In the late 1960's, Lamar Whaley returned to his St. Louis hometown after military service in Vietnam. His neighbor, Joan Mercer, had just been sent back home after her freshman year of college in La Jolla, California where her father lived. The beautiful Joan had been pursued by too many boys, and Pops wasn't having it. Lamar had been crushing on Joan since childhood, so here was a chance to step to her. And step he did; their grand wedding made the local newspaper, the St. Louis Sentinel. Afterward, they promptly drove to Los Angeles and into married life. They conceived on their honeymoon. On February 8, their baby girl, Crystal arrived; a week later, Joan turned 21. She would mother for twenty years before passing into the next realm, emboldening her daughter for life without her.
A cherubic forty-nine with a river-deep ancient soul, Crystal Whaley settles into the cozy comfort of an upholstered chair — a window seat — at Brooklyn's charming Gran Caffé de Martini in Prospect Heights. Over coffee, this child of the Great Migration, with roots in the South, Midwest and West Coast talked about how that foundation and the everlasting love of her "mama muse" shaped the woman who decamped for the East Coast at seventeen and has traveled the world in search of the stories of our people.
When I mention that I've always thought of her as a baby-faced sage, she says, "My godmother would say 'Crissy your face doesn’t change, but you’re a thousand years old.' I've always been told I'm an old soul. There are certain things that I just know, but how? I know that it’s ancestral." She loves trees, and the power, history, and memory they carry: California redwoods, southern magnolias, oaks dripping with Spanish moss and the spruce her Granddaddy planted when she was born.
She was a quiet, observant child— around adults, that is. "Outside of them, I was loud as they come!" she exclaims. "But I would listen to the grownups — they would almost forget I was there — I'd just sit at their feet and absorb. Or touch them and smell them. I like to smell folks, even my mother's feet—weird, I know—'cause they always smelled good, even when she wore boots," she says with a laugh. "There are scents that reverberate in my spirit. I remember the smell of my great grandmother’s powder; she would always wear Estée Lauder White Linen, you know, church lady. Scents that trigger," she says. Like greens cooking, or family patriarch Daddy Green's homemade sausage. "If I ever smell that scent, I look around, like who is from the South?" Another powerful scent memory is the layered fragrance oils of her former love from her twenties. "He had a distinct scent, always smelled so good," she recalls fondly. I tend to be attracted to men with something distinctive to my senses, how their voice sounds, how they smell."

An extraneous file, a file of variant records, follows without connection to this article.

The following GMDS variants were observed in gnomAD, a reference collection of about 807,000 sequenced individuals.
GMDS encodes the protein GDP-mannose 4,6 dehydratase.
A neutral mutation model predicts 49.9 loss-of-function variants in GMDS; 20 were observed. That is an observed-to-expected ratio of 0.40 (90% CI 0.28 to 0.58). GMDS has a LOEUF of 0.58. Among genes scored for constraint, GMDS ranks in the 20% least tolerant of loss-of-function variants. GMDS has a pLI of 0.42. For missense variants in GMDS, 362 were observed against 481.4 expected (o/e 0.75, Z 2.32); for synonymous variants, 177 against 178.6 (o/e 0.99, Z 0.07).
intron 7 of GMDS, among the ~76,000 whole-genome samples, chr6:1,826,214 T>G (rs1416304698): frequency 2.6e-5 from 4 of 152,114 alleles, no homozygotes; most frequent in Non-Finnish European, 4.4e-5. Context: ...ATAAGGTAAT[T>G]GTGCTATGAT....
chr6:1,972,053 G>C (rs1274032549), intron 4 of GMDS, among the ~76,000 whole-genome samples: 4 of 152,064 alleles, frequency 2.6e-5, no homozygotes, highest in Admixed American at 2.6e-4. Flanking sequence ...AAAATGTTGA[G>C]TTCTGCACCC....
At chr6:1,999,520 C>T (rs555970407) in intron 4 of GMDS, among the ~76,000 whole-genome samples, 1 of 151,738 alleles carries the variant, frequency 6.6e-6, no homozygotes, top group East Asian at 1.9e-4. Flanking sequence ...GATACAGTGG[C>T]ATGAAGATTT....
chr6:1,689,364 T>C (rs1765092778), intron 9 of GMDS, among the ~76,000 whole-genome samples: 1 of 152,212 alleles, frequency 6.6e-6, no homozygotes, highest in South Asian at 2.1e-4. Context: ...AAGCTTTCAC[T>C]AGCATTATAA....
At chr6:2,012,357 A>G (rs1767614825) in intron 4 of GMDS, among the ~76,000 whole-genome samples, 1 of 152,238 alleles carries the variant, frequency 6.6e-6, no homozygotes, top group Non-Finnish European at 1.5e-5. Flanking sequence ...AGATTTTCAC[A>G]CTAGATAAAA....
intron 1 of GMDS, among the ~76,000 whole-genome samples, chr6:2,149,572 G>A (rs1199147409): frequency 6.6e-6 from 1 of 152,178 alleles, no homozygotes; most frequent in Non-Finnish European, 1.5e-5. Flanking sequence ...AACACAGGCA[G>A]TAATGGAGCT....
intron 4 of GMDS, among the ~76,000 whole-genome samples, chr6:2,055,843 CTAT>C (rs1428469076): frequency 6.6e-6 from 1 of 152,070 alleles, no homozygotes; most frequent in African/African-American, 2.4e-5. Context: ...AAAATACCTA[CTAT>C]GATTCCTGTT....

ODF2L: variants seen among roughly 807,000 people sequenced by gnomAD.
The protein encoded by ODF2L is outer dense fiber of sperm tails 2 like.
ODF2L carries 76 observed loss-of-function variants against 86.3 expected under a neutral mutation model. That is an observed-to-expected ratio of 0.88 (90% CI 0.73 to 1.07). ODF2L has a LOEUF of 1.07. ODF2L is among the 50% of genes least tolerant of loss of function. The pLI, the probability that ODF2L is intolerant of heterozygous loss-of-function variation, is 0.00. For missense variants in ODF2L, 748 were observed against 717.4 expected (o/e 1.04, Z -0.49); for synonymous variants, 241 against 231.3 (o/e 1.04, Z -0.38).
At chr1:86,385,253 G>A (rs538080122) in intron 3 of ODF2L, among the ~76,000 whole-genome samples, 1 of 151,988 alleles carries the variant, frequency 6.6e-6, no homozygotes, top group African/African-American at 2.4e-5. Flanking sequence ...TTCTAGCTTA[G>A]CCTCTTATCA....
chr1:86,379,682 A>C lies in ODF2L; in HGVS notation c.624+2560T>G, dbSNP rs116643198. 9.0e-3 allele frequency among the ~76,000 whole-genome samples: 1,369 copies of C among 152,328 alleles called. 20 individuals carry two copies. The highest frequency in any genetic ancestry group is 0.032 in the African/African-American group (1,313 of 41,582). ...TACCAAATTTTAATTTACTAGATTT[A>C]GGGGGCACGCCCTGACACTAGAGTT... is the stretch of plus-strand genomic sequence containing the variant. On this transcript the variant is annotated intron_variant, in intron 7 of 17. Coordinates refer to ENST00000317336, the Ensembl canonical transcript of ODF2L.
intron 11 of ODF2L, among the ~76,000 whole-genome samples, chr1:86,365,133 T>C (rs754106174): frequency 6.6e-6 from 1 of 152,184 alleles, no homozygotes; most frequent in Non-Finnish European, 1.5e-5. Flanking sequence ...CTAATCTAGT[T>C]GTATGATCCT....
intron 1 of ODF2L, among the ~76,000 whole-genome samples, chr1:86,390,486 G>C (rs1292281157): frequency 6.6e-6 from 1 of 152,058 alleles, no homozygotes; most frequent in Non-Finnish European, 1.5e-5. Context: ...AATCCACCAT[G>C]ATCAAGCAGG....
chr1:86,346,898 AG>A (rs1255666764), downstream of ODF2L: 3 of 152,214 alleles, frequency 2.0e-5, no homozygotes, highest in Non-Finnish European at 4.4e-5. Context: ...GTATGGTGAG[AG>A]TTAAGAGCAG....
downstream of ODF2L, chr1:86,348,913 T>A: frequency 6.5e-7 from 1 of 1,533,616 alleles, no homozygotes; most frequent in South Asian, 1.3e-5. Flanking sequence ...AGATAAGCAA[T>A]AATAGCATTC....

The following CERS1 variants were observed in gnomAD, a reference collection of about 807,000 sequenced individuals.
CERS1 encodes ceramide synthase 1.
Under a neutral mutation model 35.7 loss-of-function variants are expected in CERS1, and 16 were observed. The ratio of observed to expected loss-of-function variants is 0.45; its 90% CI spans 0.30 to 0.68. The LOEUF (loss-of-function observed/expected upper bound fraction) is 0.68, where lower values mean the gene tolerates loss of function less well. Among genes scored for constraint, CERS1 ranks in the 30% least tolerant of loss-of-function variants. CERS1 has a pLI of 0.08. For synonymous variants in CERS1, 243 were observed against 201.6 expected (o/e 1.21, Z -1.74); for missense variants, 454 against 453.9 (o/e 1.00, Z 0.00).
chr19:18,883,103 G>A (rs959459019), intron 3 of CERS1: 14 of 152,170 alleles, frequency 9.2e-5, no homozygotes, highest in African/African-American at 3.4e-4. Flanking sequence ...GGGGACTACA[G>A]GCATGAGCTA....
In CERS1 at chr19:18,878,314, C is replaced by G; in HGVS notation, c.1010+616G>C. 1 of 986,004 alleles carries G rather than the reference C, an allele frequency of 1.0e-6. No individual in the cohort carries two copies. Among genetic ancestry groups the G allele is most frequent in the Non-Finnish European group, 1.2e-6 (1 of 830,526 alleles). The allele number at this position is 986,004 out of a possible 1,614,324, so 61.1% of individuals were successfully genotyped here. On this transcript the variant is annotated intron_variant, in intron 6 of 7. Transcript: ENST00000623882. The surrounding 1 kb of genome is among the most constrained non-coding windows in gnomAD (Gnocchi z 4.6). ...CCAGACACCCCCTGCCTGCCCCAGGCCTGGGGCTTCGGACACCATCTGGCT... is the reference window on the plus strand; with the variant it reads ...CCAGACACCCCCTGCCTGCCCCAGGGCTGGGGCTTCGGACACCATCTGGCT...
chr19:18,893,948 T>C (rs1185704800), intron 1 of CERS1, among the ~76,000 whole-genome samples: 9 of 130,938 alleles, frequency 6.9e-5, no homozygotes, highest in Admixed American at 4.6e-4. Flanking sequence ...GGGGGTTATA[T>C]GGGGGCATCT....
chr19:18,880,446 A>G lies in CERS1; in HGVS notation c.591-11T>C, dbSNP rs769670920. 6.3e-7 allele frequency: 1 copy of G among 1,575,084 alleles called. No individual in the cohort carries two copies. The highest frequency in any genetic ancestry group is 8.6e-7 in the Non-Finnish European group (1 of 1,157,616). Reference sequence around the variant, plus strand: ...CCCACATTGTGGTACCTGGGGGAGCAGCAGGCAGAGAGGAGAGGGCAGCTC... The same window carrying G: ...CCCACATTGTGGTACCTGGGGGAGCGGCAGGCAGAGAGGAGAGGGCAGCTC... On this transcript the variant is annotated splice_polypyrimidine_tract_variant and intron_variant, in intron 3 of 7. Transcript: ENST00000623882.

Making a distinction she says, "I was born and raised in L.A. but reared in St. Louis," where both her maternal and paternal grandparents migrated from Tennessee to raise their families. Crystal would spend most holidays and summers with both sets of grands and a rowdy band of girl cousins, save for one boy. Toward the end of summer a few cousins "were shipped down to [relatives in] Jackson [Tennessee] for almost a month with her boy cousins, "and then all the mamas would come pick us up. I would get picked up the day before school started and was a completely different kid than when I was dropped off. My mother was like 'What have y'all done with my kid?' I was an angel in L.A., just because there was no one to bail me out, but when I was with my cousins, we were doing ridiculous stuff, and I was the most daring. We were always ready to fight; you mess with one of us; you mess with all of us. We were down for ours whenever we had to be."
"As an only child, I wanted to have siblings; I relished spending time with my cousins. I think that has shaped the way that I select my family of friends," she reflects. "I’ve always had circles of girls and women around me because I didn’t have sisters. I always try to nourish those types of spaces." However, the sense of isolation she felt also fostered her independence. "I was the cousin that always went away— and traveled by myself, often first class because my mother worked for TWA." [Trans World Airlines]
"I've been traveling since I was six-weeks-old. I had a passport at three and flew by myself for the first time at age five (the year her parents divorced). My mother would take me out of school, and we would travel — everywhere. I am so thankful that she had the fortitude and the forethought to do that." During her fourth grade year, Crystal spent extended time in St. Louis when her mom, with no family history of the disease, was diagnosed with breast cancer. "Back then they didn't have any medical protocol for anyone that young," Crystal says. Joan had a mastectomy and forwent the "then-scary" reconstruction option for wearing a prosthetic breast. "Now as an adult, older than she was at the time, I can’t imagine being thirty at best, one breast, drop dead gorgeous and a single mother? How did she do all that?"